Upcycling and Repurposing Clothing: Sewing Tips for Making Clothes without a Sewing Pattern.
DIY Sewing Tips for Today’s Sewist
Following in the footsteps of my grandmother…
My father, Kenny, is pictured with my grandfather just before grampy shipped out to Africa in 1944, serving in the Army Aircorp, during WWII. He received the purple heart and bronzed star for his service. My grandfather passed away in 2018 after a very good life at the age of 100.
My dad is wearing a one-of-a-kind jacket, designed and sewn by my Nana, repurposed from one of my grandfather’s old peacoats. Nana’s family had come to Chelsea, Massachusetts from Biolystok, Poland in the 1920s. She had only a sixth grade education, quitting school to supplement the family income, but she had gained skills as a seamstress which also benefited her when she had her own children.
I had been dying to recreate this toddler coat by the same methods my grandmother would have. Nana needed no manufacturer’s pattern to make it. She would have fashioned it or created her own pattern based on several factors from the host coat. She would need to work around the existing pocket type and position, lining/no lining, side seams, sleeve type, etc. She would have carefully examined the garment, created a pattern out of paper, tried it in place until the design would fit to her satisfaction. She would have planned the measures and starting cutting right away..likely finishing the project within a day or two.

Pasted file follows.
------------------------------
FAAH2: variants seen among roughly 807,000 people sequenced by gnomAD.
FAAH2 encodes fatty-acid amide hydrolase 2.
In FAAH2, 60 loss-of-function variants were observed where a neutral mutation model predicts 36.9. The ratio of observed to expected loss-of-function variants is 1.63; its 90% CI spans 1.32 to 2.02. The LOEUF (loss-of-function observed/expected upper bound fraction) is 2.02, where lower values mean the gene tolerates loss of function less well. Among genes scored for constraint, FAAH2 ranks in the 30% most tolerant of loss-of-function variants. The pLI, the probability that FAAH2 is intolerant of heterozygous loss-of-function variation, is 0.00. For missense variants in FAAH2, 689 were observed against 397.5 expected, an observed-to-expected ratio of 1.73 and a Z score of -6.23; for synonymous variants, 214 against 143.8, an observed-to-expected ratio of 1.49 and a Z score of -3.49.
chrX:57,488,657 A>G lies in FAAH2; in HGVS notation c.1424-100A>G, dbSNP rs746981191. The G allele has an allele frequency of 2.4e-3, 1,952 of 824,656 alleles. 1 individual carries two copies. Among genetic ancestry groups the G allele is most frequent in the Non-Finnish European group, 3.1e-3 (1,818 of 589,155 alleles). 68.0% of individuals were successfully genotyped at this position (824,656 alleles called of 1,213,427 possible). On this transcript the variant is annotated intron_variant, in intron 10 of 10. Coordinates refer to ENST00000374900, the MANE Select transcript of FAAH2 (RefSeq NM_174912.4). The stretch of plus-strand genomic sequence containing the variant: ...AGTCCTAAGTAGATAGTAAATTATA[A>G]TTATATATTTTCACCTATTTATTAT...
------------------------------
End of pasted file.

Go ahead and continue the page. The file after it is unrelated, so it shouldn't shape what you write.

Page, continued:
Nana’s generation of sewers were so skilled in fact, they created detachable collars and covered their own buttons. purchased at stores that have long since vanished, like Woolworths Department Store.
We will share with you over a course of a few blogs, how we found an old coat to repurpose into a toddler sized jacket very similar to my dad’s coat.
We found that we needed only a few tools and started with a small men’s blazer we found on consignment.
We found there were several challenges along the way.
The Upcycled Host Coat
We found that contrary to our original thinking starting from a men’s coat sized small, was actually not the best way to start. The bigger the host coat, the less time spent thinking about how much fabric is usable. The small coat caused restrictions in patter placement, which caused extra time in planning.
The biggest challenge was the welt pockets, which needed to be salvaged and not cut into. We needed to consider the side seams, which were too far away from the welt pockets for proper placement for a child’s coat. So we designed a front panel pattern piece from a similar child’s coat (using the punch method, we will be explaining later on in our blogs) and examined and decided that we had enough space to create a bodice pattern front panel. We took the seams out and trimmed the side seams including the lining keeping some seam allowance for later.
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